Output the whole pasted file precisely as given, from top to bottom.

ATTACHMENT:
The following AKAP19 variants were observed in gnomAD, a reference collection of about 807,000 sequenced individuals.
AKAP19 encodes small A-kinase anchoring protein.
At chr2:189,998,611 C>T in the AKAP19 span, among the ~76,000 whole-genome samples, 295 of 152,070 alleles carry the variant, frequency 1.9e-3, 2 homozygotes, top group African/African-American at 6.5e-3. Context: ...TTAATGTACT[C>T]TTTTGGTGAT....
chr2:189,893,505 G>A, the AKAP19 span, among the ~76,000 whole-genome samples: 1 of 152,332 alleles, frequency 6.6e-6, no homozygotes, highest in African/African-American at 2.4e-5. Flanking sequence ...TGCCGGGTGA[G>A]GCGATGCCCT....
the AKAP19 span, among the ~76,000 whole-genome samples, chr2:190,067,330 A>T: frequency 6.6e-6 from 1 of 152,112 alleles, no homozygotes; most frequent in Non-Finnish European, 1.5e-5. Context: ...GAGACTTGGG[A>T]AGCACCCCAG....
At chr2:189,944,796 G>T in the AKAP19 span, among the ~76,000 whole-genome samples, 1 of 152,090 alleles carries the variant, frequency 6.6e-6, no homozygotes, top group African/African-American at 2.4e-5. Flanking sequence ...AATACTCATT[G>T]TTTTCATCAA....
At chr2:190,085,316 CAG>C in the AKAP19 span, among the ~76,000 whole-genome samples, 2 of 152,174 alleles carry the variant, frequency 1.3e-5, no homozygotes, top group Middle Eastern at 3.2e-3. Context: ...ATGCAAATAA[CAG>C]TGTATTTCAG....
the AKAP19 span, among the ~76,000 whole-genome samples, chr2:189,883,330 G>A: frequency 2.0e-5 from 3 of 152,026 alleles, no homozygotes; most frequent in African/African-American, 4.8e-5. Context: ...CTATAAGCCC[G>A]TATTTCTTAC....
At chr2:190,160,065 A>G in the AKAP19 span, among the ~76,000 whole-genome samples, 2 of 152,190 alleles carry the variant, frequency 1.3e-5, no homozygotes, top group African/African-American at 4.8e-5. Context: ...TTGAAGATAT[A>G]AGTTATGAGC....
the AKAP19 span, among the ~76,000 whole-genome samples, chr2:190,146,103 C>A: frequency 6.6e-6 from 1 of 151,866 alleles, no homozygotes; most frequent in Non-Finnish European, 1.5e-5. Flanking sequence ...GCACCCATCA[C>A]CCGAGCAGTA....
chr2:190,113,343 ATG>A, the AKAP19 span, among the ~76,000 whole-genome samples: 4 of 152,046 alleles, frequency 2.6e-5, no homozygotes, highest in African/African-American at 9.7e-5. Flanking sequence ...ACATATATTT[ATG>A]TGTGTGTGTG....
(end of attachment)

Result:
The following AKAP19 variants were observed in gnomAD, a reference collection of about 807,000 sequenced individuals.
AKAP19 encodes small A-kinase anchoring protein.
At chr2:189,998,611 C>T in the AKAP19 span, among the ~76,000 whole-genome samples, 295 of 152,070 alleles carry the variant, frequency 1.9e-3, 2 homozygotes, top group African/African-American at 6.5e-3. Context: ...TTAATGTACT[C>T]TTTTGGTGAT....
chr2:189,893,505 G>A, the AKAP19 span, among the ~76,000 whole-genome samples: 1 of 152,332 alleles, frequency 6.6e-6, no homozygotes, highest in African/African-American at 2.4e-5. Flanking sequence ...TGCCGGGTGA[G>A]GCGATGCCCT....
the AKAP19 span, among the ~76,000 whole-genome samples, chr2:190,067,330 A>T: frequency 6.6e-6 from 1 of 152,112 alleles, no homozygotes; most frequent in Non-Finnish European, 1.5e-5. Context: ...GAGACTTGGG[A>T]AGCACCCCAG....
At chr2:189,944,796 G>T in the AKAP19 span, among the ~76,000 whole-genome samples, 1 of 152,090 alleles carries the variant, frequency 6.6e-6, no homozygotes, top group African/African-American at 2.4e-5. Flanking sequence ...AATACTCATT[G>T]TTTTCATCAA....
At chr2:190,085,316 CAG>C in the AKAP19 span, among the ~76,000 whole-genome samples, 2 of 152,174 alleles carry the variant, frequency 1.3e-5, no homozygotes, top group Middle Eastern at 3.2e-3. Context: ...ATGCAAATAA[CAG>C]TGTATTTCAG....
the AKAP19 span, among the ~76,000 whole-genome samples, chr2:189,883,330 G>A: frequency 2.0e-5 from 3 of 152,026 alleles, no homozygotes; most frequent in African/African-American, 4.8e-5. Context: ...CTATAAGCCC[G>A]TATTTCTTAC....
At chr2:190,160,065 A>G in the AKAP19 span, among the ~76,000 whole-genome samples, 2 of 152,190 alleles carry the variant, frequency 1.3e-5, no homozygotes, top group African/African-American at 4.8e-5. Context: ...TTGAAGATAT[A>G]AGTTATGAGC....
the AKAP19 span, among the ~76,000 whole-genome samples, chr2:190,146,103 C>A: frequency 6.6e-6 from 1 of 151,866 alleles, no homozygotes; most frequent in Non-Finnish European, 1.5e-5. Flanking sequence ...GCACCCATCA[C>A]CCGAGCAGTA....
chr2:190,113,343 ATG>A, the AKAP19 span, among the ~76,000 whole-genome samples: 4 of 152,046 alleles, frequency 2.6e-5, no homozygotes, highest in African/African-American at 9.7e-5. Flanking sequence ...ACATATATTT[ATG>A]TGTGTGTGTG....